It’s okay, you know. I am used to it by now---showing my November age like this. The more I do it, the easier it becomes, at least when I am reliving a slightly unorthodox memory.
For instance, let’s take a moment to consider something as mundane as Saturday morning. Most of us like Saturday, don’t we? Especially if it is not a work day. But you can be sure I am not talking about just any Saturday morning. I happen to have some particular ones in mind, from a time when Saturday morning was still something special. And I hope you will join me for a moment as I return to some of my well-remembered, all-time favorite Saturday mornings---circa 1945, 1946, or 1947.
What? You say you cannot ‘return’ to 1945, because it had come and gone before your arrived. Darn, I am sorry to hear that, because that means you missed some really good Saturday morning times. Take this, for example. As I recall it was ten o’clock, mid-morning, when the living room radio greeted us with.........”It’s Big John and Sparky! And There’s No School Today.” Man, after all these years I can hear that happy call to action as clear as anything. I’ll bet you would have loved it too.
Or how about Chandu, the Magician? I think that was nine, or maybe nine-thirty. True, he was a semi-creepy fellow, at least the way I saw him in my mind.. But he always had a trick up his sleeve. And in the end he was on our side. What I remember most of all was the spooky organ music in the background.
Earlier that morning, at eight-thirty, we had already tuned in to Smilin’ Ed and the Buster Brown Gang. Though it does seem like I ought to remember more about that half hour than just the excited introduction, with Tige, the Buster Brown dog barking like he was happy to see us. At the time I don’t suppose I even realized there were other programs airing at that hour, or why anyone would bother to listen to them if there were. By then I was hooked.
It was, as you can tell, a different time. Later, many of us would learn to consider Saturday a ‘sleep-in’ day. But not so in those post-war radio days, at least not in our home. Mom had to get us up early enough on Saturday to have breakfast finished before eight o’clock. Though getting us up and about on a school day took some doing, Saturday mornings were different.
After all, brother Roger and I needed to be parked in front of the old hardwood Zenith radio by eight o’clock for Let’s Pretend, the storytime program that always started our radio Saturday. (Why was it we had to ‘watch’ the radio?)
So, you might be wondering---what the hell does that have to do with anything. What was there about my childhood Saturday mornings that warrants all that? I will try to explain.
Have you ever wondered why you managed to stumble across some obscure thought or memory that you had not considered for decades? Was there an existential purpose at work, or was it purely accidental? Whatever the reason, that’s the space I find myself in this morning. You see, as I have mentioned before on these pages, I have spent my October Years writing stories---fictional stories. By definition that means I have made them up, created them out of thin air and a dose of dubious brain matter.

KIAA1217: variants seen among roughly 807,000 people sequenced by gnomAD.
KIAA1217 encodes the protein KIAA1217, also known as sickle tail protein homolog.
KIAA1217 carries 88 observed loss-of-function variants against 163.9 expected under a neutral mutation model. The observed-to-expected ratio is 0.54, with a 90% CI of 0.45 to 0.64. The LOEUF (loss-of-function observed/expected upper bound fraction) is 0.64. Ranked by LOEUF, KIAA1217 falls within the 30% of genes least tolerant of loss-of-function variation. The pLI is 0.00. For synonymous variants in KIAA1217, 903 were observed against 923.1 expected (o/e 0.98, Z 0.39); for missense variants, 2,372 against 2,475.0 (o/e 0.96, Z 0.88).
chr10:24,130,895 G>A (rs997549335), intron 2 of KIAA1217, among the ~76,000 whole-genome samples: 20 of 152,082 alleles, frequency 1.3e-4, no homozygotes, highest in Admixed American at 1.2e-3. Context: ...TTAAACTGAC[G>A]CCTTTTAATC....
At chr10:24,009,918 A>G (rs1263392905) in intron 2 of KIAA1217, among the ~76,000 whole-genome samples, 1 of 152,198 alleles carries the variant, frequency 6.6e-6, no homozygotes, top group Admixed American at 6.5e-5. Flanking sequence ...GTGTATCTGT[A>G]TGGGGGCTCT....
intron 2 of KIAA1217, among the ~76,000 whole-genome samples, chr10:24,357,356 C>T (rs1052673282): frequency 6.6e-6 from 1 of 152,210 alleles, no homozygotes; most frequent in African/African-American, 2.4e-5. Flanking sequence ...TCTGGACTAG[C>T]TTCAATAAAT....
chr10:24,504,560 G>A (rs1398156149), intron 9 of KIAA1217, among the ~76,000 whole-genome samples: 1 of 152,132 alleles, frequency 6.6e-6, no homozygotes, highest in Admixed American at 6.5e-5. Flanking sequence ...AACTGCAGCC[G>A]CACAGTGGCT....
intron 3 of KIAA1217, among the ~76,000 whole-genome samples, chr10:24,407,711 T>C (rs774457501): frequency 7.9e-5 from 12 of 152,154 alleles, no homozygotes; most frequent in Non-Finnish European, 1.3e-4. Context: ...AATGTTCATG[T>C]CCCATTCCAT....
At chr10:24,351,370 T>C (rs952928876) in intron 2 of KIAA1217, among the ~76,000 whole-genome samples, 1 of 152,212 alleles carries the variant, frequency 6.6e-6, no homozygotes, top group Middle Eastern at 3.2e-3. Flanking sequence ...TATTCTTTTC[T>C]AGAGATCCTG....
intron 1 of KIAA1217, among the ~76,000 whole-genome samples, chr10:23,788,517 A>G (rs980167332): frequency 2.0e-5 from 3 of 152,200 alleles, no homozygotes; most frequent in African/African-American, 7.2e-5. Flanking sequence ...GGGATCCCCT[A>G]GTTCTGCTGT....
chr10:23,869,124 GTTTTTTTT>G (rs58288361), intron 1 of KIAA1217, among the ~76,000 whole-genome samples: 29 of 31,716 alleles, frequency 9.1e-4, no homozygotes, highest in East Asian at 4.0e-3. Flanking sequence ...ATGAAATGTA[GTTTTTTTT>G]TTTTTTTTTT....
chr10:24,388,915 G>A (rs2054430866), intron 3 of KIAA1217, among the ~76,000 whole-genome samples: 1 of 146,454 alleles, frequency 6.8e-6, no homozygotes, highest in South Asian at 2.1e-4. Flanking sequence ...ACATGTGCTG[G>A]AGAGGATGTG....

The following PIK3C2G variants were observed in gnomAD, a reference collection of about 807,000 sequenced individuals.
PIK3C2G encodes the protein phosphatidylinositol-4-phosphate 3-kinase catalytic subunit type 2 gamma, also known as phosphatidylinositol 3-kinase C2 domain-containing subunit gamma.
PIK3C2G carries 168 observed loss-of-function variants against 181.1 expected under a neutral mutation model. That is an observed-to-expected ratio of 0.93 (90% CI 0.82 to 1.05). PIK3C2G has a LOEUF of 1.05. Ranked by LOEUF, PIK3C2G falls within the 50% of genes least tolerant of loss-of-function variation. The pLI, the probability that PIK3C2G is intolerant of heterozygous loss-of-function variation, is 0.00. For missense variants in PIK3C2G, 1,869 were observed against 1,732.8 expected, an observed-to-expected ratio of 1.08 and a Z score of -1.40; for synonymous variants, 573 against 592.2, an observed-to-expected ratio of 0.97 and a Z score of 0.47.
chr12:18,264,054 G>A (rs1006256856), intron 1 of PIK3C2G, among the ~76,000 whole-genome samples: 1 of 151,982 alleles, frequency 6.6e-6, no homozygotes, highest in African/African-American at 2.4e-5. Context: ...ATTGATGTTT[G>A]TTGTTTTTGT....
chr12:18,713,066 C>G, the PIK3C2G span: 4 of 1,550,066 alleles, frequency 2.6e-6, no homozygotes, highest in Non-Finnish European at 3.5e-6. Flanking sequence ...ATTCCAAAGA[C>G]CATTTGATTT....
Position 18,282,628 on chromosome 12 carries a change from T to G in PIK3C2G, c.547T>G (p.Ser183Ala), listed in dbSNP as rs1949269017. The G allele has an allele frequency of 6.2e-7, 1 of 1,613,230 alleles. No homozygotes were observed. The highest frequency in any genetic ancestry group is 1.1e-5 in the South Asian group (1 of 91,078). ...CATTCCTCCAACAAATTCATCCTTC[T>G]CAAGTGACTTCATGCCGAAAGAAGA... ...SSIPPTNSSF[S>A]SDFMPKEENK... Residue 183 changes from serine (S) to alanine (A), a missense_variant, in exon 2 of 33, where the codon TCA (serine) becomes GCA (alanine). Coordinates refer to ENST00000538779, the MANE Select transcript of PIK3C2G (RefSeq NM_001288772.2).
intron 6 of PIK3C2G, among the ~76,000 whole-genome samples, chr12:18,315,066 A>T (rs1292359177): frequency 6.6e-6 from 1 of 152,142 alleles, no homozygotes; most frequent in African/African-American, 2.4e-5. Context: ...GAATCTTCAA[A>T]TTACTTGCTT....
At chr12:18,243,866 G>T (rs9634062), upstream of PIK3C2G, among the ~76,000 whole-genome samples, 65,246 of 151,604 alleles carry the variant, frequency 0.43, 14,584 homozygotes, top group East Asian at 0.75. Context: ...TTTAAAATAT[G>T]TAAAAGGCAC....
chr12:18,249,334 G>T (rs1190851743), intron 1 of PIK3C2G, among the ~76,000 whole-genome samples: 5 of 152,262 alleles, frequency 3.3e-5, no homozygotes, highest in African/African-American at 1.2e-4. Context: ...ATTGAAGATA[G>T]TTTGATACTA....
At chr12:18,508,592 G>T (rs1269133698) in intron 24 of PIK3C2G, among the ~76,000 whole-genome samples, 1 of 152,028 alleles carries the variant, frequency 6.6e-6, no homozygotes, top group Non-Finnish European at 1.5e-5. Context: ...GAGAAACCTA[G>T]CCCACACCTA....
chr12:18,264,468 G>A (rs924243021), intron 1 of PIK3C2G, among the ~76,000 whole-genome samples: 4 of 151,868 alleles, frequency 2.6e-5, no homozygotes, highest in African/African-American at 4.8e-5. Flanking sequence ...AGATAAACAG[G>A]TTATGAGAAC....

Yet not until a few days ago, for reasons I still don’t understand, did it dawn on me that I was in the “What if?” business. That is one way to describe fiction, isn’t it? The writer, any writer, begins with a question---What if an alien force is threatening the earth?---What if zombies are about to invade?---What if the killer is about to get away? What if an eighty-year-old guy falls for Lady Gaga? Thing is, no matter what the question, the answer will be the story that is told to provide an answer.
That is what writers of fiction do. They answer a series of “what if?” questions. I try to do that. Except, my stories are not about world annihilation, zombie invasions, Donald Trump’s crowd-counting skills, or the hard-to-define allure of Lady Gaga. Instead, I tell ‘what if?’ stories about October people facing October life---and then November.
It was those thoughts that brought me to an awkward pause, wondering how I would introduce my latest story, Closing the Circle. I stumbled around a bit before it dawned on me. In a very personal way it felt like I was closing my own circle---from Let’s Pretend to What if? My sometimes muddled mind saw the irony of that. Having learned to pretend as a child, here I was spending my October Years creating “what if?”---i.e. “pretend” answers. In a very real way I was right back where I had started.
So what about Closing the Circle, you ask? (At least I hope you do.) What if a young man, adopted at birth, sets out to find his birth parents? What sort of story might I create to answer that ‘what if?’ question? Then to further complicate matters, what if the birth parents he finally finds have their own deep regrets about having separated before his birth, leaving each of them to wonder what might have been had they stayed together.?
Of course, there are as many answers to those questions as there are persons who choose to answer. I happen to like the answer I “pretended” into being. And at the same time, when I was done it felt a bit like closing my own circle---from ‘pretending’ to ‘what if?’ and back.
Following that same line of remembering I invite, actually I urge, those of you who remember those long-ago radio days to use the “Comment” section below to offer your own examples of radio favorites.